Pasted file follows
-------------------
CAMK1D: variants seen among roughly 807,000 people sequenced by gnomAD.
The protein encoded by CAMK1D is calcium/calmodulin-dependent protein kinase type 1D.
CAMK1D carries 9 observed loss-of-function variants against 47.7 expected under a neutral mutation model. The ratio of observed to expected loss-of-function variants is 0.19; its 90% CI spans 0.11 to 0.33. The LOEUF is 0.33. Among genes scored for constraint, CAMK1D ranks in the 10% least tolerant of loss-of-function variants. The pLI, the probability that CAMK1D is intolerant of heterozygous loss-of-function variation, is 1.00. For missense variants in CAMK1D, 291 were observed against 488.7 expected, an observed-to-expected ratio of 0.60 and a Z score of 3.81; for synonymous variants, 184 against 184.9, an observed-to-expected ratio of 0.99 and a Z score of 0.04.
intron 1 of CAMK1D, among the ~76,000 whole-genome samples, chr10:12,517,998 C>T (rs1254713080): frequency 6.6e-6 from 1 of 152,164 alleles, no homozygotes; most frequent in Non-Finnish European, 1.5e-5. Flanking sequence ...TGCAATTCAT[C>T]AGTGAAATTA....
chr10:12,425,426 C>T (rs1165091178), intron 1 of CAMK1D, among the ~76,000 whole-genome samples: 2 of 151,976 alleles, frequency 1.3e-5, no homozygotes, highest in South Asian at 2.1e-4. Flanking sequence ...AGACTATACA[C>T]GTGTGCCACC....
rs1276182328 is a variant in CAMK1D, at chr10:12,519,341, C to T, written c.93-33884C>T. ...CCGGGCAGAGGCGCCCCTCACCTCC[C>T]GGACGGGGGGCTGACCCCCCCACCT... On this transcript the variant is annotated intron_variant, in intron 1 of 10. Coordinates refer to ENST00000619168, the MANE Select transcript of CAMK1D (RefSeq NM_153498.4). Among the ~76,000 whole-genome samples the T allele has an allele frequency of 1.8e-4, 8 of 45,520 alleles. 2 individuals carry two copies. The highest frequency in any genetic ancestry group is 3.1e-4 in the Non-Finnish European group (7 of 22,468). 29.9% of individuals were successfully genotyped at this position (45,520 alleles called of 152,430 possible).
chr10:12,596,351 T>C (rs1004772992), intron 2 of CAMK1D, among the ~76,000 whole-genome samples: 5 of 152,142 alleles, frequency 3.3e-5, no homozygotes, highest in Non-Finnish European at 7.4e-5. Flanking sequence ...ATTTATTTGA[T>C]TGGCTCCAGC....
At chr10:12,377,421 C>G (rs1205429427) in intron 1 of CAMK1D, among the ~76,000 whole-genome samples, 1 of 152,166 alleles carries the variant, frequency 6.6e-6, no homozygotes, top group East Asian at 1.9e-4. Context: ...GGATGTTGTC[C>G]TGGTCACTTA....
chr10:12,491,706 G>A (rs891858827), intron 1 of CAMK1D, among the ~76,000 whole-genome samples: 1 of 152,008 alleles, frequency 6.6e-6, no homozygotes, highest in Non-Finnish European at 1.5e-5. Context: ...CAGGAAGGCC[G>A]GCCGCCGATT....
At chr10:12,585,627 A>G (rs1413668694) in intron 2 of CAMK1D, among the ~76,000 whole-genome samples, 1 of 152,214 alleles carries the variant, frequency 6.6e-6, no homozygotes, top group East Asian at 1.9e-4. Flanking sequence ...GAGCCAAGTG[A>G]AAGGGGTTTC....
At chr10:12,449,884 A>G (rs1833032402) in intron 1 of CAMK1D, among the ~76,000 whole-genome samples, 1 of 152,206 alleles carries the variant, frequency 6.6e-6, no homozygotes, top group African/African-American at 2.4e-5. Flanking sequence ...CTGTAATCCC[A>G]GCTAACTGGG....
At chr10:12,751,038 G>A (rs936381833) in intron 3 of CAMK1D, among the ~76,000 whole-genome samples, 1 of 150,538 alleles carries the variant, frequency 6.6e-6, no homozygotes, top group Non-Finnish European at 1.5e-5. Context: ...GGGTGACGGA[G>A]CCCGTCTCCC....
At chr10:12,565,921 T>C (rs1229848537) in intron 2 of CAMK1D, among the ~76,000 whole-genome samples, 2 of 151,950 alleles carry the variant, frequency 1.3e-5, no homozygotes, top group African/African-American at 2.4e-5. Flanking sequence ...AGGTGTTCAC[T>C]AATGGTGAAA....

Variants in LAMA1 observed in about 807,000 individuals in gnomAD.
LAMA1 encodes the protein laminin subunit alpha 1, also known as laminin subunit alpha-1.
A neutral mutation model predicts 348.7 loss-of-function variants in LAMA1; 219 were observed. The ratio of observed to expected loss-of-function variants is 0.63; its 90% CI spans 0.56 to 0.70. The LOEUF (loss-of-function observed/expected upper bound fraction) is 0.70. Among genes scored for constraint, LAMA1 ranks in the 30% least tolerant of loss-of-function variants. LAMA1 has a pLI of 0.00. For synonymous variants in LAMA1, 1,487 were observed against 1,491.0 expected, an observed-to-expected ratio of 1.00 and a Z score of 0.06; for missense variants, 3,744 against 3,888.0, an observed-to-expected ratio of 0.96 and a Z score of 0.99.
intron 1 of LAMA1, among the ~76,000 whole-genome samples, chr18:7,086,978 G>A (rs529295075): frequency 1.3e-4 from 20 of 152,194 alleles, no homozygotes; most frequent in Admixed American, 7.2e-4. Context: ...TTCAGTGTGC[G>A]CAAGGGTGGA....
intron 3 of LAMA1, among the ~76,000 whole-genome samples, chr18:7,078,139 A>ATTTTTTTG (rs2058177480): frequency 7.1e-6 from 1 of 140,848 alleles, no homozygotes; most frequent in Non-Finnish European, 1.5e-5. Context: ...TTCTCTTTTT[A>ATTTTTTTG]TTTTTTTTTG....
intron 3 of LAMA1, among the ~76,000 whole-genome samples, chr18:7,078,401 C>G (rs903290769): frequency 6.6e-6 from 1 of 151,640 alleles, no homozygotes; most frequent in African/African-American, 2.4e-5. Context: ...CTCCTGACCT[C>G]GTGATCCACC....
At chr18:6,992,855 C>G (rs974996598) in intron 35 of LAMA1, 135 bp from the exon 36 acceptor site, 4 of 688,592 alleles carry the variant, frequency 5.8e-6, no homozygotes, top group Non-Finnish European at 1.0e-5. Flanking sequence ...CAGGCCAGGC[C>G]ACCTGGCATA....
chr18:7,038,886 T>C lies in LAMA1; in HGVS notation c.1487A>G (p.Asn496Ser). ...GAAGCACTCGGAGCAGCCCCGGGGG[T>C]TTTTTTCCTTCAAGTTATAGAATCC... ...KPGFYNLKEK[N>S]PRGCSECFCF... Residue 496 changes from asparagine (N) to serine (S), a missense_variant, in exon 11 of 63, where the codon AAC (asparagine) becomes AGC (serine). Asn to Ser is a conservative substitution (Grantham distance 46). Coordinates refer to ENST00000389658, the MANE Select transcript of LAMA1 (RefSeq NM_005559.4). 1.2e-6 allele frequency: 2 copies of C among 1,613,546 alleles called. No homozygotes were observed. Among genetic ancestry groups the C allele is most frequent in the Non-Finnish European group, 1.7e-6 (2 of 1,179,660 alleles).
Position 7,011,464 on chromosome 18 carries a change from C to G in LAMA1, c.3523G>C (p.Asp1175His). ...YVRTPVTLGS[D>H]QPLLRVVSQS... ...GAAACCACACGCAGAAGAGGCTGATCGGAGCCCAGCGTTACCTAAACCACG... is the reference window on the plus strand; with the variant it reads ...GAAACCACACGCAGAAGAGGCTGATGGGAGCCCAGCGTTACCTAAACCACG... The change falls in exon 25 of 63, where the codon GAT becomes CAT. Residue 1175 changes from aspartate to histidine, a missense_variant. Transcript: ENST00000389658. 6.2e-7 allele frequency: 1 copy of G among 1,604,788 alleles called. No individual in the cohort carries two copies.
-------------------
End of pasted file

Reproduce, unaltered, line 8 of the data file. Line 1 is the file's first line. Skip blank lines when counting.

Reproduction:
At chr10:12,377,421 C>G (rs1205429427) in intron 1 of CAMK1D, among the ~76,000 whole-genome samples, 1 of 152,166 alleles carries the variant, frequency 6.6e-6, no homozygotes, top group East Asian at 1.9e-4. Context: ...GGATGTTGTC[C>G]TGGTCACTTA....